Disposable or Cloth Diapers?

"I'm a baby. I poop. That's my job."
A very in depth study done by a group in the UK in 2003 looked at how disposable diapers, washed at home cloth diapers, or professional laundered cloth diapers impacted the environment.

The results:
All three impacted the environment equally in different ways. For one child, wearing diapers until 2.5 is the same as driving one car 1300 - 2200 miles - no matter which diapers you chose.

American's are still throwing 49MM disposable diapers a day and no one is quite sure how long it takes to decompose. Most websites say 500 years.

Cloth diapers are primary cotton and while the cotton industry is trying to get their act together, there is still a lot of water and resources that go into making, packaging, and cleaning the diapers.

There is no right environmental choice here.

The right choice is what works best for you and your family.
Easy, especially with Amazon Prime and their new subscription model.

Convenient, just throw away when done. Can even get doggie bags if you don't have a proper disposable bin near by. Useful for when you're out an about at other people's houses and you don't want to stink up their bathrooms or if there isn't a bin near by and you have to take it with you until you find one.

No major up front cost. More of a pay as you go or need them.

If you have a green thumb and a compost pile, you can compost the inner parts of wet diapers. Here's how.

  • More prone to cause skin irritation.
  • Potentially 57% more expensive in the long run
  • Most diapers contain trace amount of dioxins due to the bleached wool pulp. I haven't found any recent and credible sources to say it's dangerous and disposable diapers should be avoided. Maybe it should be? Maybe it shouldn't? If you're concerned and you need to go disposable diaper road, find diapers that are not bleached. 
If you go the disposable diaper route, try a whole bunch before you use Amazon Prime to subscribe. Every baby is different so don't just take my or your friend's words for it.

Fun Fact - Pampers JUST came out with an all natural brand. They are not bleached so there shouldn't be any dioxins. I'm all done with diapers, so would love to know if you've tried it and liked it. Also looks like it's still 67% less expensive than The Honest Company.


  • So cute!
  • Chemical free so tend to cause less rashes and skin irritation
  • Potentially 57% less expensive in the long run
  • Has been known to help potty train because kids can make the full bladder to wet diaper connection faster
  • Pay majority of costs up front
  • More work to wash and dry
  • Will affect water and electric bills
  • More prone to diaper rash because doesn't pull wet away from babies skin
  • More hands on poop action required to dump before cleaning the diaper
  • You have to take the dirty diapers back home with you
  • If your baby needs to daycare, you may run into less options as not all daycares will accept cloth diaper


Do both!

I did what me and the nanny could. I had 6 cloth diapers - grew to 8 - and I used them during the day until they were gone then switched to disposable until those 8 diapers were clean again. Used all 8, washed all 8, reused. It was just enough work to keep me doing it and it made me feel like every little helped. In hindsight I think I could have clothed by day and disposed of at night. You use way more diapers during the day and would have interrupted baby in the middle of the night less. I also wished Pampers had the Pure brand when my babies were in diapers. I really think the combo of those at night with cloth during the day would have really been the best of all worlds.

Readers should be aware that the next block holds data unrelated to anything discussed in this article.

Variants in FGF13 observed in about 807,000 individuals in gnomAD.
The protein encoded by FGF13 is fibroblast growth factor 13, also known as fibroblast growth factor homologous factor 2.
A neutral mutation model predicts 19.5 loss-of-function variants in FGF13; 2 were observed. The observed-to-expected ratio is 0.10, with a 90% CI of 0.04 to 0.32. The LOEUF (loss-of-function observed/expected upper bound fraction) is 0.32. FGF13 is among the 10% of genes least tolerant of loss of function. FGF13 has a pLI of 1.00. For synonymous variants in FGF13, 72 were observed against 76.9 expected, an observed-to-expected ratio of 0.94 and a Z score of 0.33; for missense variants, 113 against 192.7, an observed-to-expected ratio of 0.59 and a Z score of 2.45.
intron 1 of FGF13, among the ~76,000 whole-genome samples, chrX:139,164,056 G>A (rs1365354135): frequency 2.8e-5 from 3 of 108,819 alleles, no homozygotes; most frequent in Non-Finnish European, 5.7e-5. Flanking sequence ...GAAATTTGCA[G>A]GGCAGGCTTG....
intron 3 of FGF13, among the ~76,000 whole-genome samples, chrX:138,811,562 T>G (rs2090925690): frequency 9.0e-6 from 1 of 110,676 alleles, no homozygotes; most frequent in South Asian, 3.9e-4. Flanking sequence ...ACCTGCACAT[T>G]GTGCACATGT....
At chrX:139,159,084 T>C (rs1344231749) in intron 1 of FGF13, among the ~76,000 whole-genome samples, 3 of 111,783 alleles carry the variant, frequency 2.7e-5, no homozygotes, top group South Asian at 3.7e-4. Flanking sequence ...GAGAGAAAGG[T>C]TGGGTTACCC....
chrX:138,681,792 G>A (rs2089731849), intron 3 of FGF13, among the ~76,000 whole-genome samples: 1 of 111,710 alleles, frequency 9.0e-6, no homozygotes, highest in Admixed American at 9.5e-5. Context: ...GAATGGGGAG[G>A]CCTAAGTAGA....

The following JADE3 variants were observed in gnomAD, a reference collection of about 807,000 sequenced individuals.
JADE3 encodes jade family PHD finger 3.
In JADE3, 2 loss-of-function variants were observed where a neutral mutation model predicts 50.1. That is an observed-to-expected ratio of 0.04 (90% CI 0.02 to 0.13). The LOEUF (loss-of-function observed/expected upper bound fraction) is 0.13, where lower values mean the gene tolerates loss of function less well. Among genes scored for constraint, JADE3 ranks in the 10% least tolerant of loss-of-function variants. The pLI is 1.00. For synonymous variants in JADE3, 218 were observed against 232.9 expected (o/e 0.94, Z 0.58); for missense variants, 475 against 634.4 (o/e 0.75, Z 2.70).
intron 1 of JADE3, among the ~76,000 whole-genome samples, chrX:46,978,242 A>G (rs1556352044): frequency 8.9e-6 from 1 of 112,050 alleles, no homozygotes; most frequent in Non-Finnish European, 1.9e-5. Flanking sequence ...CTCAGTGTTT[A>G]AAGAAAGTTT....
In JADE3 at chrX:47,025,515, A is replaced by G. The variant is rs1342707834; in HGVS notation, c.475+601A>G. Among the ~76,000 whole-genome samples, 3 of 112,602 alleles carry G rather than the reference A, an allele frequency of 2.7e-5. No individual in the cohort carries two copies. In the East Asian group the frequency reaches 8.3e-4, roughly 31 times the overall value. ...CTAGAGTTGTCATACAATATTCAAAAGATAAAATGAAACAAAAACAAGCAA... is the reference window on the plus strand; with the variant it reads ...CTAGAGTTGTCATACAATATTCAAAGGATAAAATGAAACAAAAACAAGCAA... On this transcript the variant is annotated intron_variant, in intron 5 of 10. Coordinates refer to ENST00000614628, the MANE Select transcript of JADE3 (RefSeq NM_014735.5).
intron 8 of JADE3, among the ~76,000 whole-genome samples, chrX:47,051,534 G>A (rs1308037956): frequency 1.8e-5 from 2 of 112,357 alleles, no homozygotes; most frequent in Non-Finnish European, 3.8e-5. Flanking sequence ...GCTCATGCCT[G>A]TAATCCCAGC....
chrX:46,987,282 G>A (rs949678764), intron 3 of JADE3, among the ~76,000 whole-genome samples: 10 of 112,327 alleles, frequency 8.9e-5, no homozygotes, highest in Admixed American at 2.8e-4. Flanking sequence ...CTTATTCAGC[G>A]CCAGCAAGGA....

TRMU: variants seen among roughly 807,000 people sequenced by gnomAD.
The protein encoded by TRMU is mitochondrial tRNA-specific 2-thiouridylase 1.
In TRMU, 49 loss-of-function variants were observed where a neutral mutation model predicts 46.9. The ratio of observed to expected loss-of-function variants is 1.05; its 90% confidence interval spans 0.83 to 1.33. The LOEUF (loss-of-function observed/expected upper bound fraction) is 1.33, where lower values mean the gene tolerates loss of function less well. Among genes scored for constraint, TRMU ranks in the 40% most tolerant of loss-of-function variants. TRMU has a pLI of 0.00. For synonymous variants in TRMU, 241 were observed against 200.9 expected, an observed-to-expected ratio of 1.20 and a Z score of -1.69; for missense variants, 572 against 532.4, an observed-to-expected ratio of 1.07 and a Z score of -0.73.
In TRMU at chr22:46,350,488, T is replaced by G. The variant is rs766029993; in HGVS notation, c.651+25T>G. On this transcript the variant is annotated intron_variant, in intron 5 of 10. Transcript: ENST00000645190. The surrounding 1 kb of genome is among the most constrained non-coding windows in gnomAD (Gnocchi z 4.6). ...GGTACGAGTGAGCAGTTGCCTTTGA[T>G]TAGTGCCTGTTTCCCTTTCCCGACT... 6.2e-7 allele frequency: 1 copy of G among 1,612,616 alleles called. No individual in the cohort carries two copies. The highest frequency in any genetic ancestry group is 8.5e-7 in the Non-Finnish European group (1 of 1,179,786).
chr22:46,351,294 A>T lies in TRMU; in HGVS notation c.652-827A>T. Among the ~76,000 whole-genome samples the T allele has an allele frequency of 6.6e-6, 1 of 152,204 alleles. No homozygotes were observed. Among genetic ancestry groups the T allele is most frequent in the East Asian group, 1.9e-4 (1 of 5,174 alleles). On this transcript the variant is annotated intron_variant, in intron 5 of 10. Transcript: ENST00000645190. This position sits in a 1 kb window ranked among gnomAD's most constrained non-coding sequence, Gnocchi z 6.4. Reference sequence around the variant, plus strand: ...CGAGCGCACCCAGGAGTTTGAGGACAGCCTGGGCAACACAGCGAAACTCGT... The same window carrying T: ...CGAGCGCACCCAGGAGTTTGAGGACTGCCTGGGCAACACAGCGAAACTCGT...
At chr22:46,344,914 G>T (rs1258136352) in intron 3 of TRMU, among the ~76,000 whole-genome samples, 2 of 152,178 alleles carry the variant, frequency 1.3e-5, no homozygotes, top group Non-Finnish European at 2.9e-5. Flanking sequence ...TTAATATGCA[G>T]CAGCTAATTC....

I also just learned about the Hybrid Cloth Diaper - reusable outer-layer with disposable inner. The inner layers are also compostable. This still creates a fairamount of laundry, not as much, but more than disposables obviously. Not sure I would have dove 100% in this direction either.


Disposable Diaper Options on Amazon for Newborns. All sizes are available. Used newborns as a point of comparison to even the playing field.
  • Pampers: $0.22/diaper - 4.5 stars (3,000 reviews)
  • Huggies: $0.23/diaper - 4 stars (45 reviews)
  • Honest Company: $0.32/diaper, - 4 stars (350 reviews)
  • Seventh Generation: $0.37/diaper - 3.5 stars (1600 reviews)
  • Baby B: $0.73  - 4.5 stars (81 Reviews) When you look for environmentally friendly diapers on Amazon these are at the top of the list.
Cloth Diaper Options
This is more complicated. You'll first need to pick your system - pocket, flat, all in one, and the list goes on.

I recommend starting here. Based on this article, pocket, all-in-one, or hybrid diapers (though most expensive options) seem to be the way to go in terms of ease of use. Most are one size. While a little bulky on a newborn, it gets the job done.

These had the best reviews on Amazon - 4 stars (1,000 reviews) and it is both the covers and inserts to get you started.

Useful for Both
Wet bag - Though mainly for cloth diapers, if baby has a blow out and you can't wash their clothes right away these things come in super hand. I still use it for potty training accidents.


As millennial mommas we don't all have the "village" our parents had of living near their parents and grandparents. Learning and getting help from previous generations. What we have are our online community of mommas and their written/video/podcasting experience. However, sometimes there's too much information and it's all just so overwhelming and contradictory. This newsletter is here to aggregate your options, present the facts, and let you chose what's right for your baby AND you. There's no all or nothing, no right or wrong.

There is however, a happy medium.

Let's discover yours together with your momma friends.
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